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Africa
Opposition leader faces probe
Former parliamentarian says he has no reason to run from graft allegations.
Last Modified: 31 Oct 2009 01:09 GMT
President Tandja has been criticised for his moves
to extend his powers [EPA]

Niger's leading opposition figure has said he is ready to face charges of money laundering, a day after a warrant was issued for his arrest.

Security officials made no effort to detain Mahamadou Issoufou when he returned home on Friday from Abuja, the Nigerian capital, where he had been in talks with the Economic Community Of West African States (ECOWAS).

Issoufou is one of dozens of former parliamentarians caught up in a corruption investigation that critics say is an attempt by Mamadou Tandja, Niger's president, to muzzle his opponents and tighten his grip the West African nation.

"The fact that I have returned means something very simple. I have nothing to run away from," Issoufou said.

"I heard that they issued an international arrest warrant for me. The powers that be didn't have to go to that length. They could have simply called me to face a judge and I would have turned up."

Several thousand supporters of Issoufou's Nigerien Party for Democracy and Socialism (PNDS) turned up at Niamey airport to welcome him and accompanied him home.

'Dubious' transactions

The case against Issoufou is the latest chapter in a political crisis that has seen Tandja extend his time as president, increase his powers and remove presidential term limits, a move that has been criticised at home and internationally.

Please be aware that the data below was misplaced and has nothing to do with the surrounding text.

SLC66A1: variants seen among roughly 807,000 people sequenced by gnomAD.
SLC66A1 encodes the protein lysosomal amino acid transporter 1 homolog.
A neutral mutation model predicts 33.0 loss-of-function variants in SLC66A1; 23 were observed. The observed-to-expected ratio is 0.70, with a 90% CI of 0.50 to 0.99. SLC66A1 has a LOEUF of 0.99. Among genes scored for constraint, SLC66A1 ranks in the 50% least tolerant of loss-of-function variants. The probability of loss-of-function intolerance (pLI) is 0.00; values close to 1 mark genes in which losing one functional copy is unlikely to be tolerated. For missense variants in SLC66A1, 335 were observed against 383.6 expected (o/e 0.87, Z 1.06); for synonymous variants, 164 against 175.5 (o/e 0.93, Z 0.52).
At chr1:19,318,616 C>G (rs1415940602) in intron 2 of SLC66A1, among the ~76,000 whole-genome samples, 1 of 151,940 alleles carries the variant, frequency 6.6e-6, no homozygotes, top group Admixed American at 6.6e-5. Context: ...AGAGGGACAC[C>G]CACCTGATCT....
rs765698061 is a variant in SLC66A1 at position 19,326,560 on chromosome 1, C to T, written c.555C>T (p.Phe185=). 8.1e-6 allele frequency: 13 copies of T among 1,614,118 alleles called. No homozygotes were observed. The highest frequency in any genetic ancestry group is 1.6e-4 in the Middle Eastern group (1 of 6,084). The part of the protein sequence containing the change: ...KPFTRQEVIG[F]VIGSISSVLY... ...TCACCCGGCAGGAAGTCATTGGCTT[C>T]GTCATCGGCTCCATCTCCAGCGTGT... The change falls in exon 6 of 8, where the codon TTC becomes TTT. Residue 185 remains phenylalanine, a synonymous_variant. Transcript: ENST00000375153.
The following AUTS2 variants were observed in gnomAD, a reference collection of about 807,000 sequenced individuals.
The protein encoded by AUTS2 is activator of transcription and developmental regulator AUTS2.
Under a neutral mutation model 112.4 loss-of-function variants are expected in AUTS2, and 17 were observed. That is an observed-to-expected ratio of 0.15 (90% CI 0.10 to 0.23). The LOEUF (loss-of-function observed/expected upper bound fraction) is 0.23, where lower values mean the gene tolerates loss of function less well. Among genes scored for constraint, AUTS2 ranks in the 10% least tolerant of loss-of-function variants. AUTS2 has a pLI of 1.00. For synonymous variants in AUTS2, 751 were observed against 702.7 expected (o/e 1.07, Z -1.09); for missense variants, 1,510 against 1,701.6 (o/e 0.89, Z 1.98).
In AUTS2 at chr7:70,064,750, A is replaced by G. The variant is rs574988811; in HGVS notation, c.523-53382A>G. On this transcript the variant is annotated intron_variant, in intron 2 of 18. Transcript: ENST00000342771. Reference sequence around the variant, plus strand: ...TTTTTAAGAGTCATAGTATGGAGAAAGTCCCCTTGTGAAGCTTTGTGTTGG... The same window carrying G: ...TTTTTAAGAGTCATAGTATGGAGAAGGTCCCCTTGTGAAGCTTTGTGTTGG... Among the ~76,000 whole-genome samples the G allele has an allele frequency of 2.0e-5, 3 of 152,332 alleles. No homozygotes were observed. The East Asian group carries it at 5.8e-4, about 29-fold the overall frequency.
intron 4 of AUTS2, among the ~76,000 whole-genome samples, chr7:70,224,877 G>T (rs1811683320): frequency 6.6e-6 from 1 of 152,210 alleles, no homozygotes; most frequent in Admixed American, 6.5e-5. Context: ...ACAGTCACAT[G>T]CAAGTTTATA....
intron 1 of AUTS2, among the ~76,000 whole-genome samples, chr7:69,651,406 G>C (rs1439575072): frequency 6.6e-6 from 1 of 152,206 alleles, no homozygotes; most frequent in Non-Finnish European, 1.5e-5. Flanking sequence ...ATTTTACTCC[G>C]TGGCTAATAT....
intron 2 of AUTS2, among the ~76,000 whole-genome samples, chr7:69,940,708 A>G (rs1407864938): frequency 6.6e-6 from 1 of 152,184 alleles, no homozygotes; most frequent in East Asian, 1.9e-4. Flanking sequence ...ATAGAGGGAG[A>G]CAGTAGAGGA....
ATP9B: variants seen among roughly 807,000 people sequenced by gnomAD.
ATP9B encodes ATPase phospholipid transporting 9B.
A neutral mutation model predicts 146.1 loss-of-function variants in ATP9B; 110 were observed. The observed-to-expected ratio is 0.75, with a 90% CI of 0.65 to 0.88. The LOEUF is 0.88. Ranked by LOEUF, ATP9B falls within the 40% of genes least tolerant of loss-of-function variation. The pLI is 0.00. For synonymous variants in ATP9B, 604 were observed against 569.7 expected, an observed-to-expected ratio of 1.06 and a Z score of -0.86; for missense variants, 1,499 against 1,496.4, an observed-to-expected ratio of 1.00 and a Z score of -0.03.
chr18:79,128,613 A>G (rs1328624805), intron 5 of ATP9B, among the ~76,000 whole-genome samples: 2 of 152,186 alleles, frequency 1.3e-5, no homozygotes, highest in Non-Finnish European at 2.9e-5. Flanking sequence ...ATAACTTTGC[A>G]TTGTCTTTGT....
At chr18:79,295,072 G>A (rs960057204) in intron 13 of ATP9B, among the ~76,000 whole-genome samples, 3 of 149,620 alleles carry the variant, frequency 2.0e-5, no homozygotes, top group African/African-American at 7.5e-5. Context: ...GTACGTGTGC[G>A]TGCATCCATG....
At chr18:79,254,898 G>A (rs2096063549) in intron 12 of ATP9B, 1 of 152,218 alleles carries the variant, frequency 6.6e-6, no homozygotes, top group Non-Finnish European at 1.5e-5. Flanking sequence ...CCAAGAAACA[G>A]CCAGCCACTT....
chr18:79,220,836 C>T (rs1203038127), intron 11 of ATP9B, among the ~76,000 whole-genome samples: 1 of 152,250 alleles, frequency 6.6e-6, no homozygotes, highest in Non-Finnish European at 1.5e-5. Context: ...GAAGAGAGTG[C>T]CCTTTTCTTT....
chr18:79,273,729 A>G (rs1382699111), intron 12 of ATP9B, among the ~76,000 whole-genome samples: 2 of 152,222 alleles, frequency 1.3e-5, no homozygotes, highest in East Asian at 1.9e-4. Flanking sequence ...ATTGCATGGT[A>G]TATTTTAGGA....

"You know, dictatorial regimes don't like the idea of an opposition existing. They don't like the idea of them so they criminalise them and accuse them of terrible things like money laundering"

Bazoum Mohamed,
PNDS party vice-president

The Reuters news agency quoted a senior legal source as saying that the money laundering investigation had found "numerous transactions" of large amounts of money "from dubious origins" through Issoufou's accounts, leading to the charges.

Niger authorities say the investigation is aimed at rooting out corruption, but Issoufou's deputy called the charges were politically motivated.

"You know, dictatorial regimes don't like the idea of an opposition existing. They don't like the idea of them so they criminalise them and accuse them of terrible things like money laundering," said Bazoum Mohamed, the PNDS vice- president.

"Issoufou would never take part in shameful practice."

The PNDS, which had previously allied with Tandja, earlier this month boycotted an election to replace parliament after Tandja dissolved it in the run-up to an August referendum boosting his powers.

ECOWAS subsequently suspended Niger's membership from the West African bloc and the country is also facing a possible freeze in European Union development aid.

Source:
Agencies
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